About twenty of you have contacted asking for an overview of how to structure and flow a raid zone. Well, first off, it takes a lot of people to do it to the level of quality that WoW achieves it. However, I can give a quick high level overview.
This is very likely to be a three or four part’er – so hang on to your hats and poke me till it’s done! Alright, let’s do this.
High Level Raid Construction:
- Memorable Moments
- Shape of Raid
- Progress Tracking
- Support Work
- What went well
- What can be improved
- Take-aways for next time
Ideally, the theme should be a single cohesive concept that pulls the raid together. Molten Core, for example, is all about a lava cave and its denizens. Blackwing Lair was about dragons and experimentation. Sometimes, the core concept can be clear, but its expressions varied. (For example, Ulduar)
In general, you want to start with a tight, simple theme and expounded upon it heavily in the Structure and Execution phases. This rule applies to most things in game design and leadership – set the core heart and soul, then let the more experienced implementers figure out the details. This will lead to increased trust across the team and create opportunities for personal craftsmanship to be expressed.
Characters are the essential cast that will be used to tell the story of the raid. In a highly complex and well-produced game like WoW, this determines which voice actors will need to be called back, which new characters need to be cast and sets in motion the concept art for any unique forms or gear those character might have.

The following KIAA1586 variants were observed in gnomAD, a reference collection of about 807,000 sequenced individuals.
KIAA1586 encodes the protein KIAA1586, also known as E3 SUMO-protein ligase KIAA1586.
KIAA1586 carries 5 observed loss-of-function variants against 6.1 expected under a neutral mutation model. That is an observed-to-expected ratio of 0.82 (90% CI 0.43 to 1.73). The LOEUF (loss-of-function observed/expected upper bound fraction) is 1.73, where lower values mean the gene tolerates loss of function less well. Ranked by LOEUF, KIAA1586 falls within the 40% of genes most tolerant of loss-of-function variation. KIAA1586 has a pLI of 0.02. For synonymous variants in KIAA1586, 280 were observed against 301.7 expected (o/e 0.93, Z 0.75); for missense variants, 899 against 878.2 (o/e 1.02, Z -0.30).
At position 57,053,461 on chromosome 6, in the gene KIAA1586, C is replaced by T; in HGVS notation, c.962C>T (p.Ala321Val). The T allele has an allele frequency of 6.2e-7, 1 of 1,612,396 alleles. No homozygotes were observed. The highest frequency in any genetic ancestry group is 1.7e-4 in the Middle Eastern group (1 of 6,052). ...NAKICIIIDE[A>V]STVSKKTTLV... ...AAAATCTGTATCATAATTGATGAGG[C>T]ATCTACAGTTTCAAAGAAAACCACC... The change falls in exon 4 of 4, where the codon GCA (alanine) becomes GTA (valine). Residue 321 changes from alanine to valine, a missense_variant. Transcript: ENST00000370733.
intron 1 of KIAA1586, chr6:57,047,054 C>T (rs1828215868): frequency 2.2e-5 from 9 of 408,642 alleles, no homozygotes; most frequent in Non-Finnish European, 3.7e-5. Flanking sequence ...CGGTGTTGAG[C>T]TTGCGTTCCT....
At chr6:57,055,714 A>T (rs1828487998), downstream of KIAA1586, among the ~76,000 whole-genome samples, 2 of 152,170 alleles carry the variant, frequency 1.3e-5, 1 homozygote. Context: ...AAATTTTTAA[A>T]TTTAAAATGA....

Characters are weakly broken up into two axis:
Friends / Enemies
Major / Minor
All raid zones generally serve a common purpose – create an elaborate shared experience, with trials, challenges and rewards to incentivize a raid group to assault the location. However, there’s often a deeper plot purpose as well – does the raid advance some major story or capstone some long narrative that’s been built up earlier in the game?
Other times, a raid zone might be there to serve entirely as an experiment. See Malygos (Wrath of the Lich King) and Trial of the Crusader. In these cases, there’s a hypothesis: “An entirely destructible raid zone is cool.” or “A series of challenges without a change in location is more cost-effective and interesting”.
The more experimental the hypothesis, the smaller and more focused the raid typically is – as a developer, you want to hedge your bets appropriately. If it you find a new and effective formula, you can always scale it up. By contrast, if its a bomb… it’s better to let it go.
Finally, once the theme and purpose is in place, choosing a few key moments to convey the big parts of the story and choosing what you want to showcase and which events are worth the extra investment of time and resources. In WoW terms, this is a mixture of cinematics, events and scripted camera sequences.
(Image credit: allakazham)
One the overall theme is established, the next challenge is to figure out the physical structure of the raid. Since most games (and people) think in 2 dimensions, the most common way of doing this is to sketch out a flat top-down drawing of the raid zone.
(Continued Next Time)
Blog followers, why don’t you guys give me a hand here – post some theme ideas and we’ll “build” this new raid zone together.
Core Direction Ideas:
- Near Future Cyber Tech